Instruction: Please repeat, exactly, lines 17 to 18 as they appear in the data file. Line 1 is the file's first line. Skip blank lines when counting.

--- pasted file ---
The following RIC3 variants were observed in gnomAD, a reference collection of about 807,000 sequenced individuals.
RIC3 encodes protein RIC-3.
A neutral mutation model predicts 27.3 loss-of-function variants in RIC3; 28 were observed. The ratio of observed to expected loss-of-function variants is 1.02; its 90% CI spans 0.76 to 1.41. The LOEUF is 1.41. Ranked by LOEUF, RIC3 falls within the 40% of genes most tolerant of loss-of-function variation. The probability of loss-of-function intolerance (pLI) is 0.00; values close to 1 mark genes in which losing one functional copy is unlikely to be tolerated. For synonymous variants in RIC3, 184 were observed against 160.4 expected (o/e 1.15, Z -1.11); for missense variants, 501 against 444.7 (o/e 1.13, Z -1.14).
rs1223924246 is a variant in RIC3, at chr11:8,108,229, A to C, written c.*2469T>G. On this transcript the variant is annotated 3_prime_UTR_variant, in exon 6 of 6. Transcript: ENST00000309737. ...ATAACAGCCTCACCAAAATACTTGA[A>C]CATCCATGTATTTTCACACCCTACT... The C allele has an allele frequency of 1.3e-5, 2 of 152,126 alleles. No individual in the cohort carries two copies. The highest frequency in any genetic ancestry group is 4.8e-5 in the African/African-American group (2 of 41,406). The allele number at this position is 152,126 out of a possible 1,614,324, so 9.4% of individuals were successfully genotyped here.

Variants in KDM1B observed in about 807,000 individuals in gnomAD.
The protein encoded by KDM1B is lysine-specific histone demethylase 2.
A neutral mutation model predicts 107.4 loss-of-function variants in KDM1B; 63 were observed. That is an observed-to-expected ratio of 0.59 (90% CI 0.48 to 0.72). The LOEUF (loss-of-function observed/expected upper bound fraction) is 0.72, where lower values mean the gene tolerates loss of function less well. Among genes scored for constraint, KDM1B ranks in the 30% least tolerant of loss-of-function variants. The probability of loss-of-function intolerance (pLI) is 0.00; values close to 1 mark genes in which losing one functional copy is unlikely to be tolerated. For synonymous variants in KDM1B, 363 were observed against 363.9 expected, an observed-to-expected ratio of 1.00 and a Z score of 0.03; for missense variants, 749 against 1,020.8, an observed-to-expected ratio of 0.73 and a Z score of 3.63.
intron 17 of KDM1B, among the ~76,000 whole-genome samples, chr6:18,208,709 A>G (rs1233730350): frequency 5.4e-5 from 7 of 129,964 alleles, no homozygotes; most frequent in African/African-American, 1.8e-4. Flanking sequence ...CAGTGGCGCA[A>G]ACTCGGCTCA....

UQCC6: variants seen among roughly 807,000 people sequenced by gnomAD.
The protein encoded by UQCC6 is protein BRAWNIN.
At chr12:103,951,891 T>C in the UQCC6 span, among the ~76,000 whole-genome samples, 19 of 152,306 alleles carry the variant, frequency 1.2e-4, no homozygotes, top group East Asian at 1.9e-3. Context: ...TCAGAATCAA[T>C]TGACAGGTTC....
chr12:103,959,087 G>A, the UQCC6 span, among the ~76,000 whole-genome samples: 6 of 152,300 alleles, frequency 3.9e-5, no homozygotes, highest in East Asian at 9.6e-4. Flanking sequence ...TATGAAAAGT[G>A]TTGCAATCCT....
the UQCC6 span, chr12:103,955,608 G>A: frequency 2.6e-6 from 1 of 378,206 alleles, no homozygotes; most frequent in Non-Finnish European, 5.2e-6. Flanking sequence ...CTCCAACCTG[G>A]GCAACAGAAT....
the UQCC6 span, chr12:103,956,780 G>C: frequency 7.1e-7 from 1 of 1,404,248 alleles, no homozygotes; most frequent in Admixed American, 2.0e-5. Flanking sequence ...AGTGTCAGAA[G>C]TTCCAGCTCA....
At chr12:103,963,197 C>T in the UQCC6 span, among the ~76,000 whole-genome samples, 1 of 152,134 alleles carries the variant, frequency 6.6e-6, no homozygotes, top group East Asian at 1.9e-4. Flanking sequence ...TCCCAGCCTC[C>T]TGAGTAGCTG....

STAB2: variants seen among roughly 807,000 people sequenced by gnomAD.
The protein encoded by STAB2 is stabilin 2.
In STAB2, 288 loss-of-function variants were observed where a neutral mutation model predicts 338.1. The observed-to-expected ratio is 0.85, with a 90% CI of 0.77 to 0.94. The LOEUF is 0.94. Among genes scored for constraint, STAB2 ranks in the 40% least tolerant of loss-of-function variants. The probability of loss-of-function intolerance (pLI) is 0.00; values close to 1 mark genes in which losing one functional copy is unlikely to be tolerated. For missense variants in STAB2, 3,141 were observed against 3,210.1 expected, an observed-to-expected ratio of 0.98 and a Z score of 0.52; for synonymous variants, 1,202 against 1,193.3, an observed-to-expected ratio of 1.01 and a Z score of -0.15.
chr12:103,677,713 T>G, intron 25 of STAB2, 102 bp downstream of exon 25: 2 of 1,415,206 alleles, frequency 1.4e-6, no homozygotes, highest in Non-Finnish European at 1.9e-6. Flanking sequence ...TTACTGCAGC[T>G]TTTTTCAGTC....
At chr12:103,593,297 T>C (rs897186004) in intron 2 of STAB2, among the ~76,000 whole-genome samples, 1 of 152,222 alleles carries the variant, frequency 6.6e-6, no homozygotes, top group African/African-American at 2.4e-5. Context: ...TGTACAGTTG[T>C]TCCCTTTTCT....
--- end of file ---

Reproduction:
The protein encoded by STAB2 is stabilin 2.
In STAB2, 288 loss-of-function variants were observed where a neutral mutation model predicts 338.1. The observed-to-expected ratio is 0.85, with a 90% CI of 0.77 to 0.94. The LOEUF is 0.94. Among genes scored for constraint, STAB2 ranks in the 40% least tolerant of loss-of-function variants. The probability of loss-of-function intolerance (pLI) is 0.00; values close to 1 mark genes in which losing one functional copy is unlikely to be tolerated. For missense variants in STAB2, 3,141 were observed against 3,210.1 expected, an observed-to-expected ratio of 0.98 and a Z score of 0.52; for synonymous variants, 1,202 against 1,193.3, an observed-to-expected ratio of 1.01 and a Z score of -0.15.